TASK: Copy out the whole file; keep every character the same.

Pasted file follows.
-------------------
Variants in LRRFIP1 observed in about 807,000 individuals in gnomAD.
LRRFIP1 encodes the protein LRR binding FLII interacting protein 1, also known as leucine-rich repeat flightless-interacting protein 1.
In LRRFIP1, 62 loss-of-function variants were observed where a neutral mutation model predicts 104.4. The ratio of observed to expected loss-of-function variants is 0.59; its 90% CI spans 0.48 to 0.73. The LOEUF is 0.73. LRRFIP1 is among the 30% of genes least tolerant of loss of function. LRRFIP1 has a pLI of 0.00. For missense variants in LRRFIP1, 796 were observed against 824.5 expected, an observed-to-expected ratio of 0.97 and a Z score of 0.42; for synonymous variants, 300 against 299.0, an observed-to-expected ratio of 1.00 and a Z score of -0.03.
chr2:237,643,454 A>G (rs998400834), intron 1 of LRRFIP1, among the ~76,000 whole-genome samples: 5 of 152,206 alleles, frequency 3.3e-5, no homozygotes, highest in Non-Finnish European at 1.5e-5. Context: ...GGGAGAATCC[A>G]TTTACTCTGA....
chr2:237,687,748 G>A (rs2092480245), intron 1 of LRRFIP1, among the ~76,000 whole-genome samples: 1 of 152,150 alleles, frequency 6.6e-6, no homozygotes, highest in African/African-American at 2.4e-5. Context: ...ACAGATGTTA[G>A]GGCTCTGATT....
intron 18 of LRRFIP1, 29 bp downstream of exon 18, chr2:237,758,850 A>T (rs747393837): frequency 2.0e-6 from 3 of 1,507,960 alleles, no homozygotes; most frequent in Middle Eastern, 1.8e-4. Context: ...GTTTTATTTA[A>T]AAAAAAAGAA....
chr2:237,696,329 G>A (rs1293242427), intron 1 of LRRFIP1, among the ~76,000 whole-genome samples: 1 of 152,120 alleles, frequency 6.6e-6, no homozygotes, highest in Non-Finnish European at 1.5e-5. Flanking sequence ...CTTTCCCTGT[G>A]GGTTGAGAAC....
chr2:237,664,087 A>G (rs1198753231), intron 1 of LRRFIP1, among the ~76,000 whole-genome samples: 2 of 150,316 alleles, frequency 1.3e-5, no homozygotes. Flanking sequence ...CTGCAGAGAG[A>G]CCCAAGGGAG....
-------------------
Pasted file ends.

Variants in LRRFIP1 observed in about 807,000 individuals in gnomAD.
LRRFIP1 encodes the protein LRR binding FLII interacting protein 1, also known as leucine-rich repeat flightless-interacting protein 1.
In LRRFIP1, 62 loss-of-function variants were observed where a neutral mutation model predicts 104.4. The ratio of observed to expected loss-of-function variants is 0.59; its 90% CI spans 0.48 to 0.73. The LOEUF is 0.73. LRRFIP1 is among the 30% of genes least tolerant of loss of function. LRRFIP1 has a pLI of 0.00. For missense variants in LRRFIP1, 796 were observed against 824.5 expected, an observed-to-expected ratio of 0.97 and a Z score of 0.42; for synonymous variants, 300 against 299.0, an observed-to-expected ratio of 1.00 and a Z score of -0.03.
chr2:237,643,454 A>G (rs998400834), intron 1 of LRRFIP1, among the ~76,000 whole-genome samples: 5 of 152,206 alleles, frequency 3.3e-5, no homozygotes, highest in Non-Finnish European at 1.5e-5. Context: ...GGGAGAATCC[A>G]TTTACTCTGA....
chr2:237,687,748 G>A (rs2092480245), intron 1 of LRRFIP1, among the ~76,000 whole-genome samples: 1 of 152,150 alleles, frequency 6.6e-6, no homozygotes, highest in African/African-American at 2.4e-5. Context: ...ACAGATGTTA[G>A]GGCTCTGATT....
intron 18 of LRRFIP1, 29 bp downstream of exon 18, chr2:237,758,850 A>T (rs747393837): frequency 2.0e-6 from 3 of 1,507,960 alleles, no homozygotes; most frequent in Middle Eastern, 1.8e-4. Context: ...GTTTTATTTA[A>T]AAAAAAAGAA....
chr2:237,696,329 G>A (rs1293242427), intron 1 of LRRFIP1, among the ~76,000 whole-genome samples: 1 of 152,120 alleles, frequency 6.6e-6, no homozygotes, highest in Non-Finnish European at 1.5e-5. Flanking sequence ...CTTTCCCTGT[G>A]GGTTGAGAAC....
chr2:237,664,087 A>G (rs1198753231), intron 1 of LRRFIP1, among the ~76,000 whole-genome samples: 2 of 150,316 alleles, frequency 1.3e-5, no homozygotes. Flanking sequence ...CTGCAGAGAG[A>G]CCCAAGGGAG....